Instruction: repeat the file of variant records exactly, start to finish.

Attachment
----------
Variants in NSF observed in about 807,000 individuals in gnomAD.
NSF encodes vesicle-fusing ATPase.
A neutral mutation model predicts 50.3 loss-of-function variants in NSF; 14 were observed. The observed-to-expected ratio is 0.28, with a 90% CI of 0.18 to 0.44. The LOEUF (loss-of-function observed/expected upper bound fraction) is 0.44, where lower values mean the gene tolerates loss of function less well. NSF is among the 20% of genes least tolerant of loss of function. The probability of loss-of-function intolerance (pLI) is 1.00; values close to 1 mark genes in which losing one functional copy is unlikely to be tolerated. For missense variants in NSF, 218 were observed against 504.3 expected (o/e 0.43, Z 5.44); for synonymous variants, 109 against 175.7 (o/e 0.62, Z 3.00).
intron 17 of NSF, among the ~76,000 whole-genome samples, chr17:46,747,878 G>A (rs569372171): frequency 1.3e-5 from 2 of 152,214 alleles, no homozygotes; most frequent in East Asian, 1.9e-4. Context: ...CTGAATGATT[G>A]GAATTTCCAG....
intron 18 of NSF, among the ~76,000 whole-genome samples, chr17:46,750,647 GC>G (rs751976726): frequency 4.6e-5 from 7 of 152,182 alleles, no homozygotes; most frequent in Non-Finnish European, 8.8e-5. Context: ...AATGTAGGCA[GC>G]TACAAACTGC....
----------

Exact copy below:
Variants in NSF observed in about 807,000 individuals in gnomAD.
NSF encodes vesicle-fusing ATPase.
A neutral mutation model predicts 50.3 loss-of-function variants in NSF; 14 were observed. The observed-to-expected ratio is 0.28, with a 90% CI of 0.18 to 0.44. The LOEUF (loss-of-function observed/expected upper bound fraction) is 0.44, where lower values mean the gene tolerates loss of function less well. NSF is among the 20% of genes least tolerant of loss of function. The probability of loss-of-function intolerance (pLI) is 1.00; values close to 1 mark genes in which losing one functional copy is unlikely to be tolerated. For missense variants in NSF, 218 were observed against 504.3 expected (o/e 0.43, Z 5.44); for synonymous variants, 109 against 175.7 (o/e 0.62, Z 3.00).
intron 17 of NSF, among the ~76,000 whole-genome samples, chr17:46,747,878 G>A (rs569372171): frequency 1.3e-5 from 2 of 152,214 alleles, no homozygotes; most frequent in East Asian, 1.9e-4. Context: ...CTGAATGATT[G>A]GAATTTCCAG....
intron 18 of NSF, among the ~76,000 whole-genome samples, chr17:46,750,647 GC>G (rs751976726): frequency 4.6e-5 from 7 of 152,182 alleles, no homozygotes; most frequent in Non-Finnish European, 8.8e-5. Context: ...AATGTAGGCA[GC>G]TACAAACTGC....